A recently described dynamic ultrasound technique using a sequential 3 step patient positioning protocol has been shown to increase the visualisation rate of the appendix 9. In the study, patients were initially examined in the conventional supine position, followed by the left posterior oblique position (45o LPO) and then a “second-look” supine position. Reported detection rates increased from 30% in the initial supine position to 44% in the LPO position and a further increase to 53% with the “second-look” supine position. Slightly larger absolute and relative visualisation rates were seen in children. The authors suggested that the effect of the LPO positioning step improved the acoustic window by shifting bowel contents.


CT is highly sensitive (94-98%) and specific (up to 97%) for the diagnosis of acute appendicitis and allows for alternative causes of abdominal pain also to be diagnosed.
The need for contrast (IV, oral or both) is debatable and varies from institution to institution. Findings include 1-3:

  • dilated appendix with distended lumen ( >6 mm diameter) 3
  • thickened and enhancing wall
  • thickening of the caecal apex (up to 80%): caecal bar sign, arrowhead sign
  • periappendiceal inflammation, including stranding of the adjacent fat and thickening of the lateroconal fascia or mesoappendix.
  • extraluminal fluid
  • inflammatory phlegmon
  • abscess formation
  • appendicolith may also be identified

Treatment and prognosis

Treatment is appendicectomy, which can be performed either open or laparoscopically 5. Mortality from simple appendicitis is approximately 0.1% but is as high as 5% in perforation with generalised peritonitis 5.

In approximately 30% of cases where the appendix has become gangrenous, recovery is complicated by abdominal/pelvic abscess formation. It is in this situation that radiologists have a therapeutic role to play with percutaneous CT or US guided drainages.


Recognised complications include 5:

Differential diagnosis

Clinically, the most common differential is that of mesenteric adenitis, which can be differentiated by the identification of a normal appendix and enlarged mesenteric lymph nodes.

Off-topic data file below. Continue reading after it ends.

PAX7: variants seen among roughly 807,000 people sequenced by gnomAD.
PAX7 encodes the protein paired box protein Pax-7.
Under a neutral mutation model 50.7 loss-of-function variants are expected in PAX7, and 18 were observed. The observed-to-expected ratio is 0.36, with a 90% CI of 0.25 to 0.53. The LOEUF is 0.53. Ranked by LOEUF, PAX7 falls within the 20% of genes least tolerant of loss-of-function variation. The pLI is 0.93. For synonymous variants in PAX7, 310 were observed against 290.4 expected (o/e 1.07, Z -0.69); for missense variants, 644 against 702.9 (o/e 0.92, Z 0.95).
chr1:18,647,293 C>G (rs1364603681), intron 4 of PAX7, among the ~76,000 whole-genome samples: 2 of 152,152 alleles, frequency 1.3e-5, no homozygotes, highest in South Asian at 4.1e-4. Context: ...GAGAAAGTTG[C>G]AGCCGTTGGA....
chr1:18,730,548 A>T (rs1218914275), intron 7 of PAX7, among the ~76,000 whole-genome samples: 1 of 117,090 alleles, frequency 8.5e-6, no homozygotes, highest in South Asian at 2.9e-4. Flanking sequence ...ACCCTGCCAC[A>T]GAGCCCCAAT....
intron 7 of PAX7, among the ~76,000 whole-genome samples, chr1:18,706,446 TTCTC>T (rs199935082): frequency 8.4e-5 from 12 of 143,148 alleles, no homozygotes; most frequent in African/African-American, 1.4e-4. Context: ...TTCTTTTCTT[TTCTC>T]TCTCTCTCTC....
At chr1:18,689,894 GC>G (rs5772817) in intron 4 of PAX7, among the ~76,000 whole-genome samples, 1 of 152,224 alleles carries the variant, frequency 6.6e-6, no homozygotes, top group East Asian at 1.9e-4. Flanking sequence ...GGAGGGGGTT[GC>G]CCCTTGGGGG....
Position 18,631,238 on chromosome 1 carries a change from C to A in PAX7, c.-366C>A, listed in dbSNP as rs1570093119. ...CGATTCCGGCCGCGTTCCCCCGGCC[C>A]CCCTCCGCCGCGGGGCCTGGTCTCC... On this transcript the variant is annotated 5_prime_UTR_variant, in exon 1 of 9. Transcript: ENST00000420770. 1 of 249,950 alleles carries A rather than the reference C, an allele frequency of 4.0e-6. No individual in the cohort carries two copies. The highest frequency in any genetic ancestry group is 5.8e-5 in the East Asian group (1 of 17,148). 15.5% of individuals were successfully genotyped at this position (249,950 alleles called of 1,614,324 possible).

The imaging differential includes:

Practical points

  • on CT, identify first the ileocaecal valve, which usually has lipomatous walls, and then look for the appendix

  • >6 mm outer diameter is a reliable measurement to characterise appendicitis in all imaging modalities

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Article Information

rID: 922
Section: Pathology
Synonyms or Alternate Spellings:
  • Acute appendicitis
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    Appendicitis macr...
    Figure 1: macroscopic pathology
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    Case 1: with thickened appendix
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    Case 2: appendicolith
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    Case 3: with appendicolith
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    Case 4
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    Case 5
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    Case 6
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    Case 7
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    Acute appendicitis
    Case 8
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    Right lower quadr...
    Case 9
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    Case 10
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    Case 11: retrocaecal
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    Case 12: with ovarian vein thrombophlebitis
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    Case 13: with subsequent abscess
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    Pelvic CT

    Case 14: pelvic abscess with appendicolith and gas
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    Perforated append...
    Case 15: perforated with appendicolith
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    Case 16
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    Case 17: complicated by an appendiceal abscess
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    Case 18: terminal appendicitis
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    Right adnexal ten...
    Case 19: on transvaginal ultrasound
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    Case 20: terminal appendicitis on ultrasound
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    Case 21
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    Case 22
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    Case 23: with perforation